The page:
Introduction |

**NBAC** is a verification/slicing tool developped during my PhD
thesis at the laboratory VERIMAG, part of IMAG federation in Grenoble.
Its developpement has been since I got my position at IRISA.

The tool analyses synchronous and deterministic reactive systems containing combination of Boolean and numerical variables and continuously interacting with an external environment. Its input format is directly inspired by the low-level semantics of the LUSTRE dataflow synchronous language. Notice that asynchronous and/or non-deterministic systems can be compiled in this model. The following connections are shown below.

The kind of analyses performed by **NBAC** are

**Reachability analysis**from a set of initial states, which allows to compute invariants satisfied by the system;**Coreachability analysis**from a set of final states, which allows to compute sets of states that may lead to a final state;**Combination of the above analysises**, which allows to either verify invariance or more generally safety properties, either to slice a system, i.e., to compute (an overapproximation of) sets of states belonging to executions starting in an initial state and leading to a final state.

together with a necessary condition on states and inputs to stay in this set during an execution, either a verdict to a verification problem. The returned set of states and necessary condition is actually given by an explicit control structure, where locations are labeled by (disjoint) sets of states and transitions between locations are labeled by necessary conditions.

The tool has been developped mainly in OCaml. For representing Boolean functions and guarded functions, it uses the BDD library Cudd, an extension to it called Cuddaux,which are both interfaced to OCaml with MLCuddIDL. The tool uses now the APRON for the numerical abstrac domain, instead of the older version of the convex polyhedra library NewPolka

It can be downloaded in binary format for Linux and Solaris systems. A tutorial is available, as well as a user manual.

The tool is founded on the theory of abstract interpretation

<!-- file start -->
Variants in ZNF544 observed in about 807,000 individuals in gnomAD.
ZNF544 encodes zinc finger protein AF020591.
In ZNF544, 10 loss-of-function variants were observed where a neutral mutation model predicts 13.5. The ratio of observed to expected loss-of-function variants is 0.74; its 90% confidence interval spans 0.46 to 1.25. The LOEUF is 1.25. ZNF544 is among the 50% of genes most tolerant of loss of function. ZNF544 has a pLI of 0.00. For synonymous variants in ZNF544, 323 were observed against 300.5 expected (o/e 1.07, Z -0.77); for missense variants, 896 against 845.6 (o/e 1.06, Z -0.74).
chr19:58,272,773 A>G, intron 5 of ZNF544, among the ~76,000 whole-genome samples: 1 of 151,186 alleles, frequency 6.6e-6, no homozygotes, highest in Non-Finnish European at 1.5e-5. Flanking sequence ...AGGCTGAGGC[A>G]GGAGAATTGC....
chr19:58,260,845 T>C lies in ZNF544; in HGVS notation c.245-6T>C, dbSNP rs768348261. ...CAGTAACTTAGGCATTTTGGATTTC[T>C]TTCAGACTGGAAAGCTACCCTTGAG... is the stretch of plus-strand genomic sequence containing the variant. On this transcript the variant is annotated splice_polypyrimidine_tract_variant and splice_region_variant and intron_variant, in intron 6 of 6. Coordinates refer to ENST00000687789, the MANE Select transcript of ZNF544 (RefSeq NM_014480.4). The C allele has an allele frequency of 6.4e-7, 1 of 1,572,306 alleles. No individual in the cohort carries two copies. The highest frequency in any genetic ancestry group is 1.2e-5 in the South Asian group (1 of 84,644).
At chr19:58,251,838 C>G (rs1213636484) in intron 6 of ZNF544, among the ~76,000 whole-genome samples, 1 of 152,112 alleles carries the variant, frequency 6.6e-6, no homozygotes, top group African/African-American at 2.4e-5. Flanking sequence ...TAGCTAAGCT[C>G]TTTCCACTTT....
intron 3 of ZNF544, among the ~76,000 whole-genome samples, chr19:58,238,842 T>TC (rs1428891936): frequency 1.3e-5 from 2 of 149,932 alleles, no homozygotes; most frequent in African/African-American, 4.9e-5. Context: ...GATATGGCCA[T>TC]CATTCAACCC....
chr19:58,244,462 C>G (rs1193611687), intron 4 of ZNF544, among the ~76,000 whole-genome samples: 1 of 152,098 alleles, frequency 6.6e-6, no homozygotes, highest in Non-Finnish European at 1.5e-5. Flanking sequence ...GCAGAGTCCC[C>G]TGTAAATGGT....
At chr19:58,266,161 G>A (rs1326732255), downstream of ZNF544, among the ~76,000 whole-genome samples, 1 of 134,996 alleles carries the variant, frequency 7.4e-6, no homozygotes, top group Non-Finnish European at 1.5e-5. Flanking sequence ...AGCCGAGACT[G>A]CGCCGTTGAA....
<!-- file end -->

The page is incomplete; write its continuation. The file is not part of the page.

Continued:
[2][3][4], which allows to overcome the
undecidability of the reachability/coreachability problem for the
class of program treated by **NBAC**. Sets of states are
represented in an approximate way by abtract values belonging to an
abstract domain, and (fixpoint) computations are performed on this
abstract domain. This leads to conservative results: if a state is
shown unreachable (resp. not coreachable), then it is for sure. That's
all that can be said.

The "basic" abstract domain we use is the direct product of the
Boolean lattice and the convex polyhedra lattice. More
practically a set of states is represented by the conjunction of a BDD
(for the Boolean variables of the program) and a convex polyhedra (for
its numerical variables).^{1}

The originality of **NBAC** is summarized below:

- Using a single abstract value would lead to very unprecise
results. The tool works actually with an explicit control
structure, defined by a partitioning of the state space. This allows
to represent a global set of states as a finite union of abstract
values, instead of a single asbtract value. The first feature of
**NBAC**is to use a very general notion of control structure in order to to tune very precisely the tradeoff bewteen precision and efficiency of the analyses.^{2}^{3} - The second feature of
**NBAC**is the ability to dynamically refine the control structure, and to guide this refinement by the needs of the analysis. The initial control structure is either provided by the user, either generated by the tool (in which case it is very abstract). Its (successive) refinements followed by analyses allows to improve the accuracy of the results and to incrementally remove states which have already been shown unreachable and/or not coreachable. - In the same goal of adjusting incrementally the tradeoff bewteen
precision and efficiency,
**NBAC**offers as a third feature sophisticated methods for computing postconditions and preconditions of abstract values by the transition function of the program. This has been proven to be "decisif" on the efficiency of the global method.

Details can be found in [10][7][9][8].

Bertrand Jeannet, February 10, 2011

Introduction |